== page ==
Cryptocurrency, Bitcoin, NFTs: Estate Planning & Your Digital Assets

by | Jul 20, 2022 | Estate Planning |

Cryptocurrency, Bitcoin, NFTs: Estate Planning & Your Digital Assets

Although digital assets have been there for a while, they appear to be dominating headlines recently. Perhaps one of the most popular forms of digital assets is cryptocurrency. Kim Kardashian, Elon Musk, and Mark Cuban are just some big-name players who have pushed cryptocurrency into the spotlight once again this year.  If you’ve been fortunate to make money riding the crypto-wave of recent or if you hold valuable digital assets, you should know how these assets affect your estate plan.

Digital assets generally

Digital assets can be defined as anything that is stored or accessed in digital format. If you work on a computer or have a large online presence, you likely have a collection of digital assets. If you have accounts that fall into the following categories, you should start thinking about where you want these accounts to go after you pass.

  • Social media (Facebook, LinkedIn, Instagram, Youtube, Twitter, etc.)
  • Payment systems (Venmo, Cash App, Stripe, Square, Paypal, etc.)
  • E-Commerce & marketplaces (Shopify, Amazon, eBay, Etsy, Mercari, etc.)
  • Data storage (Google Drive, Dropbox, OneDrive, iCloud, Box, etc.)
  • Communication (Email, instant messaging, video conferencing, SMS, etc.)
  • Frequent flyer miles or loyalty rewards accounts
  • Proprietary assets (unique software, NFTs, intellectual property, contracts, etc.)

An example of how these digital assets hold value is the selling of a “brand.” You do not receive anything tangible by purchasing a brand, but you are getting something of value nonetheless. The package includes, for example, social media platforms with thousands of followers, an e-commerce website with thousands of customer registrations, an app with thousands of downloads, trademarks, etc.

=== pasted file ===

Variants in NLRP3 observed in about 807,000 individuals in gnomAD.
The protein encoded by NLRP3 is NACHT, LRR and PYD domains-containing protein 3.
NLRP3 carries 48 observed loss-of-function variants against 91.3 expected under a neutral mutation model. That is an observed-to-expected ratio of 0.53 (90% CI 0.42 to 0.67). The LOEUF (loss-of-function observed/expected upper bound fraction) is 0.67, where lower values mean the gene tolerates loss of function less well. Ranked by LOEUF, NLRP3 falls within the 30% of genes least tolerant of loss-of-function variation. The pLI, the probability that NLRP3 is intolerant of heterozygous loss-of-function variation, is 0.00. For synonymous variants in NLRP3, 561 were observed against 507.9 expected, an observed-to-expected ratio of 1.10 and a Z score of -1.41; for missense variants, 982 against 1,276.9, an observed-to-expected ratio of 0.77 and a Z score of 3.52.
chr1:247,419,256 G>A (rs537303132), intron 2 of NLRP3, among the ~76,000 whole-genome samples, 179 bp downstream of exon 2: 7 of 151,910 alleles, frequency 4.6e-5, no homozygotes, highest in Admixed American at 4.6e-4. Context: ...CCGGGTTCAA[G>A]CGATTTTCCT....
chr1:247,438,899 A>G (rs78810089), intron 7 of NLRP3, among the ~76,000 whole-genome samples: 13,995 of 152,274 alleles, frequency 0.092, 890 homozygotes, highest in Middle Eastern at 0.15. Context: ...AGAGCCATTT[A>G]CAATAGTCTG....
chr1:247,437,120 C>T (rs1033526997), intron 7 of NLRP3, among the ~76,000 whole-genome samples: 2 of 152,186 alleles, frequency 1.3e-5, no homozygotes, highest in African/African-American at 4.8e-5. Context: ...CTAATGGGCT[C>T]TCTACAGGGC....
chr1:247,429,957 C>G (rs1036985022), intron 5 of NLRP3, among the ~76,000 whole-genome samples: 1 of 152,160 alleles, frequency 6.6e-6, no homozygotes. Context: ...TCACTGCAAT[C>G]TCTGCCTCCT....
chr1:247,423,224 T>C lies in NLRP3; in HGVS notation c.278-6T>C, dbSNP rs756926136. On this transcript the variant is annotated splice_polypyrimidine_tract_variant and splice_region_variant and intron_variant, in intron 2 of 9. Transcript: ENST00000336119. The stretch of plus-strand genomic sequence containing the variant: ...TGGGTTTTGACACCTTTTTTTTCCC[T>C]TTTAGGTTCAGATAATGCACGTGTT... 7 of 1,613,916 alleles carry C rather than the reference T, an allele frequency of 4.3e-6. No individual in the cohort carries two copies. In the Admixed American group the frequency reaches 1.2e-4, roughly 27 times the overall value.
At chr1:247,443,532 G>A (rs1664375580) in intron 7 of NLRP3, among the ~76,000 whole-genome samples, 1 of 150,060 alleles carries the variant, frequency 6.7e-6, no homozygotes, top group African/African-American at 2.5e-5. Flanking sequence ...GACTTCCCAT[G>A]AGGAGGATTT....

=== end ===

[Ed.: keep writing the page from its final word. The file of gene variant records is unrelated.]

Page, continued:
Here are some important steps you can take when it comes to your digital assets:

  • Making a list of your digital accounts will assist your loved ones in safeguarding your memories, as well as your legacy and identity.
  • Make your wishes as detailed as possible: Are there accounts you wish to shut down? Should your family know about any accounts which may have monetary value?
  • Have a conversation with your executor to determine whether they are comfortable managing your digital assets. Consider naming an executor exclusively for your digital assets if they are not.


Cryptocurrency is a type of payment used to engage in online commerce. The payments are sent via blockchain, a system that encrypts and sends data through a peer-to-peer network. Because the currency is encrypted, it is tamper-resistant and cannot be accessed without a private key.

Cryptocurrency is a challenge because there is no way to prove ownership. In addition, because of the nature of encrypted currency and how these accounts are anonymous, there is no account statement or physical location you can withdraw money from.

You can bridge this gap by including a step-by-step roadmap for your family that explains how to access your assets. Cryptocurrency is still new for most people, so you will need to be as detailed as you can be for the sake of your investments. However, in this scenario, you cannot be too thorough. How you store the actual private key is up to you, but one thing is for sure: it must be kept as secure as possible. It’s a tough line to walk: you need to keep it as secure as possible, but your family must be able to access it to touch a cent of your crypto fortune. Perhaps one of the most painful scenarios you can leave your family is knowing you have inheritable wealth but not having access to it.

The legislature reacts to things after they have happened. Therefore, it is highly likely that the cryptocurrency space will remain decentralized (and therefore ungovernable) for the foreseeable future.

California Estate Planning Attorney

Like our physical assets, our digital assets may be the subject of a lengthy, expensive, and legally risky probate process if you don’t have a solid estate plan. The tech-savvy among us must take steps to modernize our estate plans, so our assets exist as productively as possible even after we no longer manage them. If you do not have an estate plan, now is the time to speak with a California estate planning attorney about protecting your wealth. Call 818-676-9572 or use our online contact form to schedule a meeting.


FindLaw Network